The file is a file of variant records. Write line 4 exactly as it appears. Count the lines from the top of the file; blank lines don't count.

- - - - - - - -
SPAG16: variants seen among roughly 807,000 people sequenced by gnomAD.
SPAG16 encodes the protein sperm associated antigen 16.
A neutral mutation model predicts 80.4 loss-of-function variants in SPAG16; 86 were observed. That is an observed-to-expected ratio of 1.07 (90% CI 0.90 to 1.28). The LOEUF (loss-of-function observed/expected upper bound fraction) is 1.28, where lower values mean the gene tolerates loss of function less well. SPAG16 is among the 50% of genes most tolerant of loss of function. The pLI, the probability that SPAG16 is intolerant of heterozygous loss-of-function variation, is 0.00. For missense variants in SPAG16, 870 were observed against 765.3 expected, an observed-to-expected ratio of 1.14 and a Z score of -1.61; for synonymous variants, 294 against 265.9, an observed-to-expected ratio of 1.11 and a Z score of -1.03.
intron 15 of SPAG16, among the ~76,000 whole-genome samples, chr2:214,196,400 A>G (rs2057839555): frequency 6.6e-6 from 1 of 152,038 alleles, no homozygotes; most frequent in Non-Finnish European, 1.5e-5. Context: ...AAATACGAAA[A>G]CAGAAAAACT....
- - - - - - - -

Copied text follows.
intron 15 of SPAG16, among the ~76,000 whole-genome samples, chr2:214,196,400 A>G (rs2057839555): frequency 6.6e-6 from 1 of 152,038 alleles, no homozygotes; most frequent in Non-Finnish European, 1.5e-5. Context: ...AAATACGAAA[A>G]CAGAAAAACT....